“Let us hold fast the confession of our hope without wavering, for he who promised is faithful.”
Not long ago my wife and I were hauling a load of debris to our regional waste transfer station way out in the countryside. The gas gauge on our vehicle showed that we were very low on fuel, but feeling the need to get to our destination asap, we decided we had enough to make it.
This is the story of our lives.
On the trip home, we literally coasted into a gas station with an empty tank and a stalled engine. Relieved that we were safely at the pump, we looked at each other and said in unison, “Thank You Lord!”
It is one thing when you’re out of gas, but it is another thing when you’re out of hope.
Many of us are in such a place. The needle on our hope gauge is dangerously low. The marathon of adversity we’ve been running for the last several months has us just about tapped out.
We need hope as much as we need air. We need hope like a car needs fuel.
But what is hope? Could someone define it, please? Gladly.
Hope is the sense that you have something good to look forward to even when you are in the midst of difficult circumstances. When you have hope it means that you are anticipating that the sun will come out again no matter how dark, depressing, and dreary life may be in the moment.
Think of it this way…we all have a hope tank and that tank rises and falls with our various life experiences. And while it is true that in Jesus we always have hope, adversity has a way of diminishing our awareness of it. Hard stuff depletes the hope reservoir. When you are facing something discouraging, you can almost watch the needle drop.
The story of Job is a prime example of how a believer’s hope can fluctuate and go up and down with our life experiences. When Job’s life was upended with one tragic setback after another, his hope took a hit. Notice how the needle on his hope gauge moved:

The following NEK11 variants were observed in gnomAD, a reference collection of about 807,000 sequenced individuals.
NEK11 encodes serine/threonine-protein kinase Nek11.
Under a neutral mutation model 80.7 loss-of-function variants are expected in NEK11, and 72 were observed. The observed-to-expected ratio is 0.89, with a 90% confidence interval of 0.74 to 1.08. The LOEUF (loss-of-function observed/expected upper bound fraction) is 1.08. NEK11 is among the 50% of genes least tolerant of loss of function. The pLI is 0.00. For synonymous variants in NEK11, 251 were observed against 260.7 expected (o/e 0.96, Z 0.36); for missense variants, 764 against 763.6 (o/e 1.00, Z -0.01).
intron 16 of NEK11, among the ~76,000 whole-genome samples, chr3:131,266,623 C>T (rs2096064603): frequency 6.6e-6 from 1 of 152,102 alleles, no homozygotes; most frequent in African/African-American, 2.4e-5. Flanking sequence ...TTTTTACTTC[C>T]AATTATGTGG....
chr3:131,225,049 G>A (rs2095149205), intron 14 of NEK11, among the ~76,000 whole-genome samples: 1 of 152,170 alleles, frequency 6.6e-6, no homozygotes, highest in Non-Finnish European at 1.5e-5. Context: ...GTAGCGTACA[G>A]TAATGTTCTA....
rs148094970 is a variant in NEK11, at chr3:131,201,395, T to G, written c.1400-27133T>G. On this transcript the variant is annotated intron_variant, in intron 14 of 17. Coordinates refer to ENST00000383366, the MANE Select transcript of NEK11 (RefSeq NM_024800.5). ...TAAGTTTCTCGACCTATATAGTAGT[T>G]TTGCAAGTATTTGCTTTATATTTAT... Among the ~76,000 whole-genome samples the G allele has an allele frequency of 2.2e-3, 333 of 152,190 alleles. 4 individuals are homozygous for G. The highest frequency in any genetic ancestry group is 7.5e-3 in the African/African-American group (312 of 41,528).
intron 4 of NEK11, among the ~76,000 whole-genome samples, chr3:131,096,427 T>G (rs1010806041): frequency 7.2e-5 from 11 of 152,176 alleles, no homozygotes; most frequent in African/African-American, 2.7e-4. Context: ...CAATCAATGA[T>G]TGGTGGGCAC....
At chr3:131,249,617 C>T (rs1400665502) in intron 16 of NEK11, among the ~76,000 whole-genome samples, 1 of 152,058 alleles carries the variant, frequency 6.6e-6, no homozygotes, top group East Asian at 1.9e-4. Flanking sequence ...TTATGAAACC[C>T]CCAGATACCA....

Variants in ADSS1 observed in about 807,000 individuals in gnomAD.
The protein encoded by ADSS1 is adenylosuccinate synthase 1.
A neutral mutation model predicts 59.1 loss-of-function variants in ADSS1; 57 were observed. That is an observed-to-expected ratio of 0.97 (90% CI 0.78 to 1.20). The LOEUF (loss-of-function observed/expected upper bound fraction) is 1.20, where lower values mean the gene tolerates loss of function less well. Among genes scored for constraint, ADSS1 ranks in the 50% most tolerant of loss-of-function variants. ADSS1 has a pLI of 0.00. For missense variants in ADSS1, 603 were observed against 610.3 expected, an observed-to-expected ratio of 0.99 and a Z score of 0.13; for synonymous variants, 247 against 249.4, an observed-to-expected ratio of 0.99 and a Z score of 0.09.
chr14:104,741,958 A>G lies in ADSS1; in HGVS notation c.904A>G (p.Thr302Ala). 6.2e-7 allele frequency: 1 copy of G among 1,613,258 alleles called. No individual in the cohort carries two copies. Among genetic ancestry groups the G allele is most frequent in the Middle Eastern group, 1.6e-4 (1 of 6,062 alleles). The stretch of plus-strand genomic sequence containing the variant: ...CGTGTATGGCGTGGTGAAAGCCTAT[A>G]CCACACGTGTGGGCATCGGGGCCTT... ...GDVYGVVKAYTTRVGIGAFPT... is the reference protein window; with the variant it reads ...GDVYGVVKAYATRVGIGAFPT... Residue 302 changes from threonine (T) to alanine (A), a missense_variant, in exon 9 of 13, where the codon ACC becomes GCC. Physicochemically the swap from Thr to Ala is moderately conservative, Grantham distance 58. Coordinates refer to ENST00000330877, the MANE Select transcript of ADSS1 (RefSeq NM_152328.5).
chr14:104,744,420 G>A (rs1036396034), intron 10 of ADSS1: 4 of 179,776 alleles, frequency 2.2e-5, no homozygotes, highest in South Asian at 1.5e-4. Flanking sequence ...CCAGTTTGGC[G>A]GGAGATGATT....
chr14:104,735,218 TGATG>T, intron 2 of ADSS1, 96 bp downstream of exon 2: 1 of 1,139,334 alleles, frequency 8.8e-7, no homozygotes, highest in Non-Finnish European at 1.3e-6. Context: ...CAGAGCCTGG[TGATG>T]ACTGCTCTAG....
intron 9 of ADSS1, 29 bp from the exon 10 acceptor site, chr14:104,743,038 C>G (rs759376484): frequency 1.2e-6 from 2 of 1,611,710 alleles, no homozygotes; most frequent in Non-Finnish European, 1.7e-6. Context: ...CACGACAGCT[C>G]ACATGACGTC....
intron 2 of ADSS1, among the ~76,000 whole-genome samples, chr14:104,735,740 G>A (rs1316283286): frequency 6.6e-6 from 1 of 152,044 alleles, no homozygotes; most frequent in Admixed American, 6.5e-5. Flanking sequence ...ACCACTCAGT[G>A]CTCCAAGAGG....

- There were moments when Job was utterly hopeless – “Where then is my hope? Can anyone find it? No, my hope will go down with me to the grave” (19:15-16). At this point Job was so hemmed in by his circumstances he couldn’t imagine anything good would ever come his way again. The clouds of life were blocking the sun and Job was convinced he would never see the sunshine again.
- There were moments when Job had a hint of hope – “My friends scorn me, but I pour out my tears to God. I need someone to mediate between God and me, as a person mediates between friends.” (16:20-21) Here Job is running on fumes. He’s feeling alone as far as friends are concerned but he believes he can trust God with his tears. He has just a hint of hope in his heart, thinking maybe there was Someone who could take away his pain and make things better again.
- There were moments when Job was full of hope – “But as for me, I know that my Redeemer lives, and he will stand upon the earth at last. And after my body has decayed, yet in my body I will see God!” (19:26-27) In a breakthrough moment, Job was assured that he did have something to look forward to after all and that even death couldn’t take it away. He had hope again – a God-assured future – and it was based on the existence of a Redeemer, someone who would ultimately come through for him.
Though Job didn’t have all the specifics at that point, he was right. In Jesus, God would provide a Redeemer, a Savior who would right all wrongs and see to it that everything sad would become untrue (C.S. Lewis). His circumstances hadn’t really changed yet, but Job was hopeful again. No matter what his hope gauge said, he realized the tank was full forever because of his Redeemer.
The same is true for you.
What’s gonna move the needle on your hope gauge? Hope has a name and it is Jesus. Focusing on Him – not on our circumstances – is what will replenish our hope today.
Here’s to hope.
It’s a new day with God. Run with it.